Smooth and wet surfaces are mainly a problem in kitchens and bathrooms. An easy-to-follow, simple rule is to always clean up spills immediately. A wet floor is particularly hazardous for the elderly and spills are hard to notice for them.

Use non-slip rugs or non-slip grip mats. Buy some pairs of non-slip socks or shoes with nonskid soles for your loved ones to improve safety. Adaptive shoes are a great choice for seniors and we have a whole article about the best ones.

Most floor tiles have a smooth surface that can be extremely slippery when wet. If you want to use tiles, always opt for non-slip ones (e.g. cork tile, granite tile, slate tile, or the budget-friendly vinyl tile). You may want to consider using non-slip decals on the tiles.

4. Uneven Flooring, Cluttered Cords, Wrinkled or Loose Carpet Can Lead to Trips

Older adults, especially those who suffer from parkinsonism, usually move slower, have balance issues and their steps become shorter. For all these reasons they have a much higher chance of falling in the absence of safety measures.

Risk of falls caused by trips can be greatly reduced just by taking some simple precautions. Clear clutter from the floor, look for throw rugs, loose carpet, uneven flooring and cords across walkways. Also, remove all unstable chairs and tables.

5. Use Safety Grab Bars and Other Assistive Devices

Seniors with mobility difficulties can benefit a lot from grab bars. It’s good practice to install grab bars wherever seniors may need them. They can be especially useful in the bathroom close to the bathtub or shower and the toilet. If you don’t want to drill through tiles you can opt for portable safety handles. Alternatively, you can install a floor to ceiling security pole to prevent falls in the bathroom.

A low toilet bowl can really make seniors’ life harder. A toilet raiser makes it much easier for the elderly to use the toilet. Many types of toilet raisers exist, an adjustable one with arm supports might be the best choice.

Keeping a walker or cane next to the bed can help prevent nighttime slips and falls while visiting the toilet.

Also, install sturdy handrails on both sides of the stairs from the bottom to the top. Handrails play an extremely important role in preventing falls on stairs. Some experts also suggest wearing a hip protector, however, in the case of seniors living at home, it has only a little or no effects on hip fractures (source).

6. Make the Bathtub and Shower Safe for Seniors

Many home accidents happen in the bathroom, especially around the bathtub and shower, so making these areas safer is key in fall prevention.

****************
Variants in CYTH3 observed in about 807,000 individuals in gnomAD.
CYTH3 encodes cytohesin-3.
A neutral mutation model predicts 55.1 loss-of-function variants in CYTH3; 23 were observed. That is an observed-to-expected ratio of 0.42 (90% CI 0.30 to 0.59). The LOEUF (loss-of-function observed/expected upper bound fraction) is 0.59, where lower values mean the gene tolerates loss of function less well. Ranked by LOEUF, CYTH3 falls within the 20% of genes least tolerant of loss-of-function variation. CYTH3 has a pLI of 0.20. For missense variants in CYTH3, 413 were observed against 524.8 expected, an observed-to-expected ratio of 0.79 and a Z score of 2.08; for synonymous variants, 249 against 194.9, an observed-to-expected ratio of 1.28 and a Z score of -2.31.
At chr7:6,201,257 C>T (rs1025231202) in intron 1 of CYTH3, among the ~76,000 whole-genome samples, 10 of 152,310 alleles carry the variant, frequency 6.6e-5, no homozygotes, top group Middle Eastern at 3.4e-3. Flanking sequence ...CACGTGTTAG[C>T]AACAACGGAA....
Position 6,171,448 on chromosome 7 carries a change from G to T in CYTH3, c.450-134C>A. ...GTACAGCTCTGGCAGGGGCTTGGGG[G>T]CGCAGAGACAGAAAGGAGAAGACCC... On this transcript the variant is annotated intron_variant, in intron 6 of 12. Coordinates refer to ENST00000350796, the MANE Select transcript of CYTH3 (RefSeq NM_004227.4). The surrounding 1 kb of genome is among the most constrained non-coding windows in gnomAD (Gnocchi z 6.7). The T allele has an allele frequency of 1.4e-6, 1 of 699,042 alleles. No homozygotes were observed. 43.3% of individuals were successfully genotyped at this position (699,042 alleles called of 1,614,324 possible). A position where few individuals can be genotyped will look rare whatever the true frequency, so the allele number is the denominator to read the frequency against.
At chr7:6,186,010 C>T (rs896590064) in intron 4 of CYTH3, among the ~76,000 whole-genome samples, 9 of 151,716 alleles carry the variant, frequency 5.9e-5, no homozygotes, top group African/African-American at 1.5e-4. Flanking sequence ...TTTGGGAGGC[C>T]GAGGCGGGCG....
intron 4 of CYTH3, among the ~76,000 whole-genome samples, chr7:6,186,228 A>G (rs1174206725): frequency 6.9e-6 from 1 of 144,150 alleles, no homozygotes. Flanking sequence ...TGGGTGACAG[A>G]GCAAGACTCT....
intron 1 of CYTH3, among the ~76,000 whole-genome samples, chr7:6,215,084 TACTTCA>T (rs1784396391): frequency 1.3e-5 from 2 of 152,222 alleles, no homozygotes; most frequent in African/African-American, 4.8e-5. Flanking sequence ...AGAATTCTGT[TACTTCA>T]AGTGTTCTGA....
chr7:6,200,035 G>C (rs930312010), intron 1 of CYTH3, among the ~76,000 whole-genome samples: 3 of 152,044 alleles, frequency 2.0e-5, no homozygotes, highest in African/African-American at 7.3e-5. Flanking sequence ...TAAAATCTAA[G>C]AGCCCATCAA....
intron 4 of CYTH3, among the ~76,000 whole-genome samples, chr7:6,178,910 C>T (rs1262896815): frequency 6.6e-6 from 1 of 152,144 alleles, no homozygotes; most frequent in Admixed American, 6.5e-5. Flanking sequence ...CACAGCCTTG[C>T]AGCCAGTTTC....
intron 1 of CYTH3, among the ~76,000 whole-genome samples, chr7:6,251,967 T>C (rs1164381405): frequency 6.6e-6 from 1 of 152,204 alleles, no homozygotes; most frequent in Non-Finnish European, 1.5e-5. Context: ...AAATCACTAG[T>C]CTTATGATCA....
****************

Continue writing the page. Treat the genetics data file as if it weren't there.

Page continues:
First of all, never leave the bathroom floor wet to avoid slips and make sure that all the rugs in the bathroom are non-slip ones and attached properly to the floor so they’re not a tripping hazard.

Place a bathtub safety mat inside the bathtub or shower. If standing is exhausting for your loved one you can get a shower chair that provides additional support.

To make getting in and out of the bathtub easier use an adjustable transfer bench.

For more helpful tips, have a look at our article about bathroom safety for seniors.

Want to know the safest way for seniors to get out of the bathtub? Check out our step-by-step guide!

7. Prevent Seniors from Falling Out of Bed

If falling out of bed is a real concern, installing a safety bed rail can solve the problem. Bed rails can also provide additional support when getting out of bed. There are many different models on the market. However, in most cases, a small, adjustable bed rail can be the best solution.

When a bed rail is not necessary you can enhance safety with a simple pool noodle placed inside the mattress pad that can serve as an indicator of the edge of the bed.

Don’t forget to check our detailed post on how you can successfully prevent an elderly person from falling out of the bed for more useful advice.

8. Prevent Falls from Wheelchair with a Seat Belt

Seniors often fall asleep while sitting. It can be particularly dangerous if this happens in a wheelchair. While sleeping they may lean forward and fall out of the wheelchair. This kind of accident can be prevented by using a seat belt or a positioning belt. They significantly reduce the risk of falls from wheelchairs. Always make sure your loved one will be able to open the latch independently in case of an emergency.

9. Regularly Review Medication with a Health Professional